Facts regarding Israel’s Fuel and Electricity Cuts to the Gaza Strip
Wed., November 21, 2007
Facts regarding the fuel cuts:
On Sunday, October 28, Israel’s military ordered the private fuel company, Dor Alon, to provide 15% – 20% less fuel than the quantity ordered for Gaza residents.Gaza residents purchase fuel from Dor Alon via an agreement with the Palestinian Authority, and the fuel is transferred through Nahal Oz, on the Gaza-Israel border. Israel does not permit fuel to enter Gaza via the sea, the airspace, or the border with Egypt.
Essential services, including purifying and pumping drinking water, treating sewage, operating garbage collection trucks and ambulances, and operating the generators that power hospitals and other public buildings depend on fuel and the electricity generated by fuel.
According to the deputy director of the Coastal Municipalities Water Utility (CMWU), in the month of October 2007, the CMWU had a deficit of 40,000 liters of fuel, needed to power generators that provide drinking water to homes and pump sewage away from residential areas. Without sufficient fuel to power the generators, the CMWU has been forced to close wells that provide drinking water to tens of thousands of people. See the affidavit of the deputy director of Gaza’s Coastal Municipalities Water Utility, submitted to Israel’s Supreme Court on Nov. 6, 2007.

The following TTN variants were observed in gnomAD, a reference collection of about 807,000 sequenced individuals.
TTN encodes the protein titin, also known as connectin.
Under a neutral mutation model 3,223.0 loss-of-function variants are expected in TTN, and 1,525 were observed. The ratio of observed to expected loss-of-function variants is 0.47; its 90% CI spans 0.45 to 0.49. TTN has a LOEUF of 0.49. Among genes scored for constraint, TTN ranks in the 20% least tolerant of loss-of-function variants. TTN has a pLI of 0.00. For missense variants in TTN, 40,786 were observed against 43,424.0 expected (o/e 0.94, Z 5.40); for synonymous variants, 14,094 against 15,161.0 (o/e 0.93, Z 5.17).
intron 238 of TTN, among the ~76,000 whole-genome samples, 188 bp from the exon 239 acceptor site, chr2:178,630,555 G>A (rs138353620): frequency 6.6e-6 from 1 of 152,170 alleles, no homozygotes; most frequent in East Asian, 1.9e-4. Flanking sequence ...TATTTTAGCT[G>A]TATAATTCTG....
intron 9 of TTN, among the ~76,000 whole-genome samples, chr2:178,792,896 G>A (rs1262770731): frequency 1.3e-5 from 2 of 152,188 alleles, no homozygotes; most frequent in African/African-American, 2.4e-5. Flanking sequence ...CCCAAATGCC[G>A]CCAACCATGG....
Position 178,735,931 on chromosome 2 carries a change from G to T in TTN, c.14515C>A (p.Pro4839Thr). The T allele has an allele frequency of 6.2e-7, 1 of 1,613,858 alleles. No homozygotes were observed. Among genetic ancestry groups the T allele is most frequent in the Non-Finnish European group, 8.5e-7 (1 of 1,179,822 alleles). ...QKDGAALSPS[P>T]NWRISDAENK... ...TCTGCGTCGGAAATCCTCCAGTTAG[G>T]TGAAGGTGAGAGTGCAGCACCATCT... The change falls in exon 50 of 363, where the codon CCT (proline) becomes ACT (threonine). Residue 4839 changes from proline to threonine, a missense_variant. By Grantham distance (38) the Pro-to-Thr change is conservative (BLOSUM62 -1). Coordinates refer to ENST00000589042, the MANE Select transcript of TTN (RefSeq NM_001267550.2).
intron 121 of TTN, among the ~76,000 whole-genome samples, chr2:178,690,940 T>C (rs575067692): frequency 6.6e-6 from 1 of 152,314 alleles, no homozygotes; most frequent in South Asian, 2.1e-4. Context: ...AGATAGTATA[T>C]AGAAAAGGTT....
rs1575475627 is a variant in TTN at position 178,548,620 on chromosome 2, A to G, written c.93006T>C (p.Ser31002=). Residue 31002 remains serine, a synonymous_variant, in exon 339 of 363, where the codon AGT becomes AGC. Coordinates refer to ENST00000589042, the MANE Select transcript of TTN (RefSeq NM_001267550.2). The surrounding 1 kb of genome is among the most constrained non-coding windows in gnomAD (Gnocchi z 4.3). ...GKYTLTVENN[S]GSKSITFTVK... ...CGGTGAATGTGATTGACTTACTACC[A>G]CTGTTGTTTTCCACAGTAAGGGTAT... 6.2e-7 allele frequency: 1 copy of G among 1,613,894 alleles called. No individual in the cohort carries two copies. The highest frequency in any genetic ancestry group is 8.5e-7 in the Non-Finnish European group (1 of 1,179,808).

Updated information indicates that since fuel supplies have been cut, every day, on a rotating basis, 50,000 residents are not receiving clean water to their homes because there is not enough fuel to operate the generators that help power Gaza’s water wells.
In total, because of difficulties getting spare parts through the crossings controlled by Israel, the fuel deficits, and other systemic problems, 250,000 people in Gaza are not receiving an adequate amount of drinking water.
The fuel cuts also prevent the European Union from providing industrial diesel to power Gaza’s electrical power plant. For details, see Gisha’s letter to European Union officials.